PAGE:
Coalition backs mix of cuts, Permanent Fund restructure

Alaska needs a combination of unpopular actions to fix budget issues, according to Jim Jansen, Co-Chair of the KEEP Alaska Competitive Coalition.

Jansen, who is also the board chairman for the trucking company Lynden Inc., spoke to a special joint luncheon of the Kenai and Soldotna Chambers of Commerce Monday, explaining KEEP’s mission to “solve Alaska’s fiscal crisis now, but don’t destroy our resource industries in the process.”

The fiscal problems can’t be solved by cuts alone, Jansen said. KEEP is supporting a fiscal solution that cuts government spending and restructures the earnings of the Permanent Fund in order to ensure that Alaska is a competitive place for the resource industries to invest.

“Alaska is better with oil,” Jansen said throughout the presentation.

KEEP is a group of corporations, unions, businesses and individuals, but do not receive any funding from the oil industry, Jansen said.

“The oil industry has paid for almost 90 percent of Alaska’s government since the pipeline was built. … Oil has funded our schools, roads, airports and public safety … has allowed us the luxury of not having to pay state income taxes and have the lowest fuel taxes in the nation … and has funded Alaska’s $55 billion Permanent Fund,” Jansen said.

Jansen and KEEP recommend that the Legislature look to capitalize on Alaska’s strengths by marketing the state’s resources, maintaining stable and competitive tax policies, balancing a sustainable budget and by stopping threats to resource industries with uncompetitive taxes.

“If most of your revenue and most of your jobs come from the resource industries, you can’t tax away their incentive to invest and expect to have a sustainable economy,” Jansen said.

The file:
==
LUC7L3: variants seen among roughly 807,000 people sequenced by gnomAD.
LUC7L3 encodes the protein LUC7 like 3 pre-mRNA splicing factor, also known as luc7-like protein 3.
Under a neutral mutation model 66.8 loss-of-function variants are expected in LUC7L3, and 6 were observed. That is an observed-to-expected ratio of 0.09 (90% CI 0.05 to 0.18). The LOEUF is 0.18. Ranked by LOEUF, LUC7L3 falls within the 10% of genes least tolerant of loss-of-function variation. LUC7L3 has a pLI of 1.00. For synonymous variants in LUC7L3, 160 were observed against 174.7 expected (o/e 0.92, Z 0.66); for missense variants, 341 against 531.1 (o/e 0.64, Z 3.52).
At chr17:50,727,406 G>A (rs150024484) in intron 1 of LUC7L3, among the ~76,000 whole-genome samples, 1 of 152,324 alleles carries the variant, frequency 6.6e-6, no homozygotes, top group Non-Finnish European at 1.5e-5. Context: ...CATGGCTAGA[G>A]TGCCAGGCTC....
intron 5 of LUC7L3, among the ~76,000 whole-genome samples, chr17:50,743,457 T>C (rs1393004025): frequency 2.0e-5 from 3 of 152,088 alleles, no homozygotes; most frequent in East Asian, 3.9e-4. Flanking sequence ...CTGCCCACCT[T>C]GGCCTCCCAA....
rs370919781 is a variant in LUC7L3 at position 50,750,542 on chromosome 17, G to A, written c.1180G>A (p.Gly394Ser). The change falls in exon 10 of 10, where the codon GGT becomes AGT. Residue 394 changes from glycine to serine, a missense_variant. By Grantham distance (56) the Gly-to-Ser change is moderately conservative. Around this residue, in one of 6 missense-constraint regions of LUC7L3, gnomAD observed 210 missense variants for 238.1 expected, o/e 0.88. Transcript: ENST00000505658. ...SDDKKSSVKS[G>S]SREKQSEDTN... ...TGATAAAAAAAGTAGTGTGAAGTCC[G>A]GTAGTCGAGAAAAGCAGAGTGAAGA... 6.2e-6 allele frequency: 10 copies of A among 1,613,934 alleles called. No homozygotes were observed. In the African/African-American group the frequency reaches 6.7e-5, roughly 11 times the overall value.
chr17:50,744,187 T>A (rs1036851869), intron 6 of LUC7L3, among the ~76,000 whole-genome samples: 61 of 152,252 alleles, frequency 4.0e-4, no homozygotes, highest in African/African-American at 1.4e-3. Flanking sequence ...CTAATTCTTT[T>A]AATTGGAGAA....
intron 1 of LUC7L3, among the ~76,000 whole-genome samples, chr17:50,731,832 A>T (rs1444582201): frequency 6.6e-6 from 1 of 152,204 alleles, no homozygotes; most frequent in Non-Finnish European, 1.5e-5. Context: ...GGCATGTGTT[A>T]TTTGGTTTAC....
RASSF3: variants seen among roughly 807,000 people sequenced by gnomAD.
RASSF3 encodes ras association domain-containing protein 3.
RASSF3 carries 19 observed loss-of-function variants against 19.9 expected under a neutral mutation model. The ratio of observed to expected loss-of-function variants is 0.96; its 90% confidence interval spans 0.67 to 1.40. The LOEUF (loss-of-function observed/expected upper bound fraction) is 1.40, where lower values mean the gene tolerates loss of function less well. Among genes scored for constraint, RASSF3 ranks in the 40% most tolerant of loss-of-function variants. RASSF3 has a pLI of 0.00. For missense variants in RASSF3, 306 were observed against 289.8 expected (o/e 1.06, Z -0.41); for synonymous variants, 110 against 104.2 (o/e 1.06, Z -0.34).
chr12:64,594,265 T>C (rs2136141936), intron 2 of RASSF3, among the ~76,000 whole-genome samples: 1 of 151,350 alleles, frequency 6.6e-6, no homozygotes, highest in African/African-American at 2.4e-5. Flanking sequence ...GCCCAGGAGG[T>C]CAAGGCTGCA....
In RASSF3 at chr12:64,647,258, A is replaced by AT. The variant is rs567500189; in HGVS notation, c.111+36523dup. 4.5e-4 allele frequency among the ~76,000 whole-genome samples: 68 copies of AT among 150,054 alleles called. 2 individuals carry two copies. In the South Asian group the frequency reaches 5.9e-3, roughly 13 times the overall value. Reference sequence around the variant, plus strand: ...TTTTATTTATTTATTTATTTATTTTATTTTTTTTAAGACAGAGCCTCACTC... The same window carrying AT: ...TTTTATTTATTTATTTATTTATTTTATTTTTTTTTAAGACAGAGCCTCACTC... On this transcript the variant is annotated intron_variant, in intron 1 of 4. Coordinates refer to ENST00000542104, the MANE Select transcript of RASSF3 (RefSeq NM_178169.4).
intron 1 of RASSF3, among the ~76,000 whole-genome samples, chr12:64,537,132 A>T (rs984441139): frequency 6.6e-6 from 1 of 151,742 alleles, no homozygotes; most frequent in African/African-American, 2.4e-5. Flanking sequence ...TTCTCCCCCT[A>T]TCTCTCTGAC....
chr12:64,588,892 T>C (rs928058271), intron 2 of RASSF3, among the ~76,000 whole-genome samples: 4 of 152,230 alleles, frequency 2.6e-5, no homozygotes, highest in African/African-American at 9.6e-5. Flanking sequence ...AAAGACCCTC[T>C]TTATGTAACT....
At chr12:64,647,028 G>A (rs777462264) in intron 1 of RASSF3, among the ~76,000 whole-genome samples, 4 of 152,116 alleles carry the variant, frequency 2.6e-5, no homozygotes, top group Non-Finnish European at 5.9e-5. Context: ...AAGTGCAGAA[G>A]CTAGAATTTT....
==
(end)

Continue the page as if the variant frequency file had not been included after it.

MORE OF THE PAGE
The joint chamber meeting drew a full room at the Kenai Visitor Center, including Kenai Peninsula Borough Mayor Mike Navarre, who thanked Jansen for his presentation.

“I appreciate you coming out and sharing this. I think that we need a comprehensive plan, which is what you’re talking about,” Navarre said. “When we talk about squeezing down the operating budget, though, it’s much easier said than done. There are things that aren’t in the budget now that probably need to be addressed.”

According to KEEP, it takes a substantial annual industry investment to keep production levels on the North Slope stable, which is maintained with a durable and competitive tax policy for the oil companies.

“We have to stop trying to balance the budget on the backs of the industry. …It’s been a great ride,” Jansen said. “But it’s not sustainable.”

Reach Kat Sorensen at kat.sorensen@peninsulaclarion.com.

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